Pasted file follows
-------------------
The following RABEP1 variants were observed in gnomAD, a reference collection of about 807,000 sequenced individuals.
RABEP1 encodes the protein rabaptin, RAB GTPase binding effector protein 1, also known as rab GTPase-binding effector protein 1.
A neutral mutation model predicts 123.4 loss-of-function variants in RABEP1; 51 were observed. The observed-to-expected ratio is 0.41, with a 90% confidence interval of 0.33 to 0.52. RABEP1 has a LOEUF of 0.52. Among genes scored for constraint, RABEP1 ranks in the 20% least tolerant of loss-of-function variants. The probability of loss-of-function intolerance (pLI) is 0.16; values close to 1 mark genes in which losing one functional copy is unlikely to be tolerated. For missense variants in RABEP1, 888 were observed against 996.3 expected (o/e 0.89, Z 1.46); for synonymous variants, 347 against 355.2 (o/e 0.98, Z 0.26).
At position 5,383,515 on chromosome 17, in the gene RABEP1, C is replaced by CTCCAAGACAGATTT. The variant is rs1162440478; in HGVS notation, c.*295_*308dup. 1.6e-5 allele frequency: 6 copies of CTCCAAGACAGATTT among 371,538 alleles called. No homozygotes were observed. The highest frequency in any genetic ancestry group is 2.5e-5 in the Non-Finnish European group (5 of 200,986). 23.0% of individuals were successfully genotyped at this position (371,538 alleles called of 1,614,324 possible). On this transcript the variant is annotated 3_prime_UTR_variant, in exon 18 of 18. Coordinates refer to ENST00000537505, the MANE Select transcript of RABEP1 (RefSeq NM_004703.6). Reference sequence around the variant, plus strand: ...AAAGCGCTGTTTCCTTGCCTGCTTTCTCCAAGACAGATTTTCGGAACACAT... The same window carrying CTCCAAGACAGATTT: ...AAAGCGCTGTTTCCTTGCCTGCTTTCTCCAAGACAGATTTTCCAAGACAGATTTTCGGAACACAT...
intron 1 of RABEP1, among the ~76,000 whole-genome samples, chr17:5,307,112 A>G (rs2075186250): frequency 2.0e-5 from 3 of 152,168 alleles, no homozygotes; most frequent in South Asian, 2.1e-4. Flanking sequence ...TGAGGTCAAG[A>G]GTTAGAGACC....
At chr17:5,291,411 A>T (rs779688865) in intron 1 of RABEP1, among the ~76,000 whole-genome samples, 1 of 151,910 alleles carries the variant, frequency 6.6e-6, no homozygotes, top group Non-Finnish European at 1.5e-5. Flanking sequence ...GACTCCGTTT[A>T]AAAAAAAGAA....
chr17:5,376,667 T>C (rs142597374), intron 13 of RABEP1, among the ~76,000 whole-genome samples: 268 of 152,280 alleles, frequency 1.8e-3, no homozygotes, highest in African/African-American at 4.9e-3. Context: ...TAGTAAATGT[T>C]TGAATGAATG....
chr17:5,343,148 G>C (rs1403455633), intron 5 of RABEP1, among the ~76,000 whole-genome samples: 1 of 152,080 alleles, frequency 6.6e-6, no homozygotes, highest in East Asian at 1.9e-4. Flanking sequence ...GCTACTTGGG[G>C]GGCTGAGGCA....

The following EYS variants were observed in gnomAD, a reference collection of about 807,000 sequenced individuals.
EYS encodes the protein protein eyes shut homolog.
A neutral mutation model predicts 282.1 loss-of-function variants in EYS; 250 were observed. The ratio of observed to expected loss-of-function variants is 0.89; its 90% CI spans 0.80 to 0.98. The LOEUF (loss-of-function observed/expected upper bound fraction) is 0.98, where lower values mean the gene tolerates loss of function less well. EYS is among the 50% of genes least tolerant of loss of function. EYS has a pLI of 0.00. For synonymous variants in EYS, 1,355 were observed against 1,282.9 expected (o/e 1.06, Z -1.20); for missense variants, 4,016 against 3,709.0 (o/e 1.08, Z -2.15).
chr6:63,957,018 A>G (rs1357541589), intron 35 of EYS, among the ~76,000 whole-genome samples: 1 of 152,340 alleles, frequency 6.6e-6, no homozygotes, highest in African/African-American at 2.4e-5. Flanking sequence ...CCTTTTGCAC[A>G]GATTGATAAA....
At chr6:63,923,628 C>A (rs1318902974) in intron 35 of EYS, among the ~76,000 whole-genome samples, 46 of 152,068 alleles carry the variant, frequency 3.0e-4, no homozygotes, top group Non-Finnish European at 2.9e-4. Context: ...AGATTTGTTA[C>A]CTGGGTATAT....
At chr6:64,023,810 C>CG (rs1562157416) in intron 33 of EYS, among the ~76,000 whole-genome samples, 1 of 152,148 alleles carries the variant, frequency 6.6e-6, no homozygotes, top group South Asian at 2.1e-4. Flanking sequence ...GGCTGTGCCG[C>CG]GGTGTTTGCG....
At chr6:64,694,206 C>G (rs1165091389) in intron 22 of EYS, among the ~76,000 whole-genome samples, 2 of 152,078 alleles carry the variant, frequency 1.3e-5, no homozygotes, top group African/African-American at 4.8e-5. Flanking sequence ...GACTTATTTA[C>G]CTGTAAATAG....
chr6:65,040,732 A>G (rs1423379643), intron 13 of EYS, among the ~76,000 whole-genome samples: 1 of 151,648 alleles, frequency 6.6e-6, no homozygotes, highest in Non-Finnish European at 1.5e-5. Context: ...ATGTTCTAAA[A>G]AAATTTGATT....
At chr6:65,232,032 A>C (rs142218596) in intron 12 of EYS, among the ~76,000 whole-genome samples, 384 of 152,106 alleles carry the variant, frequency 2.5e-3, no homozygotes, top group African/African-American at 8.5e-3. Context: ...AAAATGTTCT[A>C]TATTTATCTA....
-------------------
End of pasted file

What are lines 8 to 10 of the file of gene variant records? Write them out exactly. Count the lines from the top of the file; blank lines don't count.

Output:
chr17:5,343,148 G>C (rs1403455633), intron 5 of RABEP1, among the ~76,000 whole-genome samples: 1 of 152,080 alleles, frequency 6.6e-6, no homozygotes, highest in East Asian at 1.9e-4. Flanking sequence ...GCTACTTGGG[G>C]GGCTGAGGCA....

The following EYS variants were observed in gnomAD, a reference collection of about 807,000 sequenced individuals.
EYS encodes the protein protein eyes shut homolog.